UPDATE: Dec. 23, 2020: Nikola and Republic Services have now "discontinued their collaboration on refuse truck development," according to a release from the truck manufacturer.
After previously announcing plans to design and build at least 2,500 fully-integrated electric collection vehicles – the industry's largest such order by far – Nikola said "both companies determined that the combination of the various new technologies and design concepts would result in longer than expected development time, and unexpected costs." In a statement, Nikola CEO Mark Russell called it "the right decision for both companies given the resources and investments required."
A Republic spokesperson said "we continue to believe that electrification is the future," pointing to partnerships with Mack and Peterbilt, as well as an investment in battery startup Romeo Systems.
"We look forward to working with all of our OEM partners to capitalize on innovative new technologies, advance our fleet electrification goals and drive responsible growth and value creation, and are planning to make additional purchases from various suppliers in 2021," said the company.
- Republic Services recently agreed to purchase 2,500 electric collection vehicles from Nikola Corp., pending performance, with the potential for up to 5,000 orders. This has been described as the company's largest truck order ever for its fleet of approximately 16,000 collection vehicles. Initial testing is expected to begin in Arizona and California, with wider-scale testing in 2022 and full deployment by 2023.
- The vehicles are expected to have a 150-mile range, up to 720 kilowatt hours of battery capacity and the ability to collect 1,200 cans with one charge. Republic anticipates using them for automated side load and front-end load collections. Financial terms were not disclosed, but Nikola Founder and Executive Chairman Trevor Milton told the Wall Street Journal he expects each unit will cost under $500,000.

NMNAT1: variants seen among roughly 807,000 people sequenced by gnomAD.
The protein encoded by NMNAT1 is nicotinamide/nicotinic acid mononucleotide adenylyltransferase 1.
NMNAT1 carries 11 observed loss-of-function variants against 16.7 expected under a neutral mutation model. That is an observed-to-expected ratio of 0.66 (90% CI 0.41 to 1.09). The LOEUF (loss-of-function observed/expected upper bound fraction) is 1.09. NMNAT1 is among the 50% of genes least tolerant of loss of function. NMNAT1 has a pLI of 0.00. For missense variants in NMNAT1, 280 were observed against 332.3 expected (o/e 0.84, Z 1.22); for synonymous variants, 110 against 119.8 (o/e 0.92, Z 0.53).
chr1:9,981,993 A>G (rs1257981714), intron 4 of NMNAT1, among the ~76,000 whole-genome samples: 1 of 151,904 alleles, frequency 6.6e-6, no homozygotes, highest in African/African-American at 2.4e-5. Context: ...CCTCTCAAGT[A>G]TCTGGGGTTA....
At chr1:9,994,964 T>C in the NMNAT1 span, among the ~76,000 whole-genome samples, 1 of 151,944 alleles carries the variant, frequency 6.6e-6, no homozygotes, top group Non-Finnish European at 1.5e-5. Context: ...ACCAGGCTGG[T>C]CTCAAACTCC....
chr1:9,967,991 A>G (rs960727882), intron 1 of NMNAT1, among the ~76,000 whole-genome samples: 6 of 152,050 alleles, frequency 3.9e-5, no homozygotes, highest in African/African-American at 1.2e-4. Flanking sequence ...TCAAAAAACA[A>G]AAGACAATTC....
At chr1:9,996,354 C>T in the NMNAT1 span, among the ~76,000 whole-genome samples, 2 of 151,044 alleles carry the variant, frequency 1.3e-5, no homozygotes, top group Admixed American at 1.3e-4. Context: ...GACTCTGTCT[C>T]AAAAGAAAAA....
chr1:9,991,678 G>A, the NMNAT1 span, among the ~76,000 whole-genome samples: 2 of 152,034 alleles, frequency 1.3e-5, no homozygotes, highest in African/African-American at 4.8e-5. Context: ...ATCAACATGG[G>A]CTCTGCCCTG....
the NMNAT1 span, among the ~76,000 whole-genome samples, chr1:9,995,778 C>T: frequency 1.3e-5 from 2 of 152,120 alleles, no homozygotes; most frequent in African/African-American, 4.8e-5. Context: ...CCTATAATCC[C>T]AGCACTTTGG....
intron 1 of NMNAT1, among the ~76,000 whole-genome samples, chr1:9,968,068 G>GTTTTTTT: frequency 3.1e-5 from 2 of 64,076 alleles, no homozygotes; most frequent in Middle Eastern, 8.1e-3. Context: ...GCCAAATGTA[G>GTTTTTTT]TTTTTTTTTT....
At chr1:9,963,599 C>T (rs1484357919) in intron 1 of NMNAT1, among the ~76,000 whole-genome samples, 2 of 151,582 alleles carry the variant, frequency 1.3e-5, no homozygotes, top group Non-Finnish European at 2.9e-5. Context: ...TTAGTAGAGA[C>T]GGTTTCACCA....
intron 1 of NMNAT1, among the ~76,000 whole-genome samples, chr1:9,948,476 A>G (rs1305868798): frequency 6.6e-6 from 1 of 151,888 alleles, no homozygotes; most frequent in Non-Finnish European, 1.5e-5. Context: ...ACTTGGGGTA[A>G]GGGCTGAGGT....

- The existing Class 8 Nikola Tre chassis and powertrain will be used, with bodies licensed from an undisclosed company. A new cab is being designed specifically for Republic. Nikola will serve as the direct point of contact for all equipment and maintenance needs.
This year has already seen growing interest in electric refuse vehicles, but the scale of Republic's order surpasses anything to date. Last year, Republic set a target to reduce its primary greenhouse gas emissions 35% by 2030. The company's fleet emissions accounted for 1.34 million metric tons of carbon dioxide equivalent in 2019 and have been gradually declining since at least 2016. Landfill emissions comprise the majority of Republic's overall greenhouse gas footprint.
According to a virtual press event on Monday, the two Arizona-based companies have been working together on this deal for about a year and Nikola is building a factory in the state. Milton's experience with waste applications and Republic President Jon Vander Ark's background in the automotive space were said to be helpful factors, leading to an "anchor tenant" commitment to bring Nikola's technology into the national waste and recycling industry.
“When you have something like this where you’ve got to do something truly new to the world, it takes a longer-term commitment and we were very comfortable making it because it reinforces our belief that this is where the space is going. This is what customers want, this is where all the economic incentives and regulation is pushing," said Vander Ark.